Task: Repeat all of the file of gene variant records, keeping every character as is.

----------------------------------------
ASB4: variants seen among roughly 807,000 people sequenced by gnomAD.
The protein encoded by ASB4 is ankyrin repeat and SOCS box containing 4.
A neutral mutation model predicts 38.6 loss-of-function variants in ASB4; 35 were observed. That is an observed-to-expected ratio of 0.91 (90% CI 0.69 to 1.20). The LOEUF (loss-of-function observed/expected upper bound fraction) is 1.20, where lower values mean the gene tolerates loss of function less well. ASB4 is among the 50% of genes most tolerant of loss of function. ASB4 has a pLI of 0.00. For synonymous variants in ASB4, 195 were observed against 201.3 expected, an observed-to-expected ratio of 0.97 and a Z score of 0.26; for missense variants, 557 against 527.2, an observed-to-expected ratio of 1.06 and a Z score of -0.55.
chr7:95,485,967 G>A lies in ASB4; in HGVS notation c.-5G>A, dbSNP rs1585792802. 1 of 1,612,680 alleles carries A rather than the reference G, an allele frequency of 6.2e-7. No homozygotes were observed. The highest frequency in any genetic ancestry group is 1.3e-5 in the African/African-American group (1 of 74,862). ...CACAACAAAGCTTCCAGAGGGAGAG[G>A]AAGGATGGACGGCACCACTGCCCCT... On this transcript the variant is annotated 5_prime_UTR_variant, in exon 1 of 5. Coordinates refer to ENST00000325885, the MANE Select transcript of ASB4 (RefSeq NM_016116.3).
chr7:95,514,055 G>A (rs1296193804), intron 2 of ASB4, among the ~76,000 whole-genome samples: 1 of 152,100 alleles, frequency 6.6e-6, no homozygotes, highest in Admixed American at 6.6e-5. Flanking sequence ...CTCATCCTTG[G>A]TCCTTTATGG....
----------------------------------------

ASB4: variants seen among roughly 807,000 people sequenced by gnomAD.
The protein encoded by ASB4 is ankyrin repeat and SOCS box containing 4.
A neutral mutation model predicts 38.6 loss-of-function variants in ASB4; 35 were observed. That is an observed-to-expected ratio of 0.91 (90% CI 0.69 to 1.20). The LOEUF (loss-of-function observed/expected upper bound fraction) is 1.20, where lower values mean the gene tolerates loss of function less well. ASB4 is among the 50% of genes most tolerant of loss of function. ASB4 has a pLI of 0.00. For synonymous variants in ASB4, 195 were observed against 201.3 expected, an observed-to-expected ratio of 0.97 and a Z score of 0.26; for missense variants, 557 against 527.2, an observed-to-expected ratio of 1.06 and a Z score of -0.55.
chr7:95,485,967 G>A lies in ASB4; in HGVS notation c.-5G>A, dbSNP rs1585792802. 1 of 1,612,680 alleles carries A rather than the reference G, an allele frequency of 6.2e-7. No homozygotes were observed. The highest frequency in any genetic ancestry group is 1.3e-5 in the African/African-American group (1 of 74,862). ...CACAACAAAGCTTCCAGAGGGAGAG[G>A]AAGGATGGACGGCACCACTGCCCCT... On this transcript the variant is annotated 5_prime_UTR_variant, in exon 1 of 5. Coordinates refer to ENST00000325885, the MANE Select transcript of ASB4 (RefSeq NM_016116.3).
chr7:95,514,055 G>A (rs1296193804), intron 2 of ASB4, among the ~76,000 whole-genome samples: 1 of 152,100 alleles, frequency 6.6e-6, no homozygotes, highest in Admixed American at 6.6e-5. Flanking sequence ...CTCATCCTTG[G>A]TCCTTTATGG....